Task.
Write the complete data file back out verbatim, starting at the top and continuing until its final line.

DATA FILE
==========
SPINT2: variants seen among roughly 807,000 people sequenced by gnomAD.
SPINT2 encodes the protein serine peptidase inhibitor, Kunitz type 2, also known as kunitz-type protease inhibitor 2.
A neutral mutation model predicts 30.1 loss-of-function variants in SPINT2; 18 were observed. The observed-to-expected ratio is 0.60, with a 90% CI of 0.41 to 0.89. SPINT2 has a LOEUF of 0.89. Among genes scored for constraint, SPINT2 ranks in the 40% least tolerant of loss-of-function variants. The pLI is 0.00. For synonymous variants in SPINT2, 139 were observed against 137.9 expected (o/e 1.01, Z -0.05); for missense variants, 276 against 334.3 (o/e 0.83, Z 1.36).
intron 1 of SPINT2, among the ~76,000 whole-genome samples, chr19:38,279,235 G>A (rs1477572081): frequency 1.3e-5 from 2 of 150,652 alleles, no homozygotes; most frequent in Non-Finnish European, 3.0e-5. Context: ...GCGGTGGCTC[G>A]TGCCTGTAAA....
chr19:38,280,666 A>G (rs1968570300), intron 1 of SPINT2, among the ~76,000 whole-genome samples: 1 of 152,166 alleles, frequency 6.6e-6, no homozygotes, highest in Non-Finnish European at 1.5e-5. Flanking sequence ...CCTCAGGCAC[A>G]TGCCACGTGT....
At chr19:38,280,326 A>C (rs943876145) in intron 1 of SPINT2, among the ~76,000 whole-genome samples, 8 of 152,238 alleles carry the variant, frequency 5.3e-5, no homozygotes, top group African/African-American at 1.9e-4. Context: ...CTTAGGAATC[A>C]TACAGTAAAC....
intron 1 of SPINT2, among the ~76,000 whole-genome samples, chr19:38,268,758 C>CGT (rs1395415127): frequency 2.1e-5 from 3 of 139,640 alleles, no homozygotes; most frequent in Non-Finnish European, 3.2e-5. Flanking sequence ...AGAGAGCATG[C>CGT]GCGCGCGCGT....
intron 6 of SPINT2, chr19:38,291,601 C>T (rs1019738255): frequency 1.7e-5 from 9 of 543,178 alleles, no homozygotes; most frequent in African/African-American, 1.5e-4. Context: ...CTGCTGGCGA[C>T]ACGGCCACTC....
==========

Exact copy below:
SPINT2: variants seen among roughly 807,000 people sequenced by gnomAD.
SPINT2 encodes the protein serine peptidase inhibitor, Kunitz type 2, also known as kunitz-type protease inhibitor 2.
A neutral mutation model predicts 30.1 loss-of-function variants in SPINT2; 18 were observed. The observed-to-expected ratio is 0.60, with a 90% CI of 0.41 to 0.89. SPINT2 has a LOEUF of 0.89. Among genes scored for constraint, SPINT2 ranks in the 40% least tolerant of loss-of-function variants. The pLI is 0.00. For synonymous variants in SPINT2, 139 were observed against 137.9 expected (o/e 1.01, Z -0.05); for missense variants, 276 against 334.3 (o/e 0.83, Z 1.36).
intron 1 of SPINT2, among the ~76,000 whole-genome samples, chr19:38,279,235 G>A (rs1477572081): frequency 1.3e-5 from 2 of 150,652 alleles, no homozygotes; most frequent in Non-Finnish European, 3.0e-5. Context: ...GCGGTGGCTC[G>A]TGCCTGTAAA....
chr19:38,280,666 A>G (rs1968570300), intron 1 of SPINT2, among the ~76,000 whole-genome samples: 1 of 152,166 alleles, frequency 6.6e-6, no homozygotes, highest in Non-Finnish European at 1.5e-5. Flanking sequence ...CCTCAGGCAC[A>G]TGCCACGTGT....
At chr19:38,280,326 A>C (rs943876145) in intron 1 of SPINT2, among the ~76,000 whole-genome samples, 8 of 152,238 alleles carry the variant, frequency 5.3e-5, no homozygotes, top group African/African-American at 1.9e-4. Context: ...CTTAGGAATC[A>C]TACAGTAAAC....
intron 1 of SPINT2, among the ~76,000 whole-genome samples, chr19:38,268,758 C>CGT (rs1395415127): frequency 2.1e-5 from 3 of 139,640 alleles, no homozygotes; most frequent in Non-Finnish European, 3.2e-5. Flanking sequence ...AGAGAGCATG[C>CGT]GCGCGCGCGT....
intron 6 of SPINT2, chr19:38,291,601 C>T (rs1019738255): frequency 1.7e-5 from 9 of 543,178 alleles, no homozygotes; most frequent in African/African-American, 1.5e-4. Context: ...CTGCTGGCGA[C>T]ACGGCCACTC....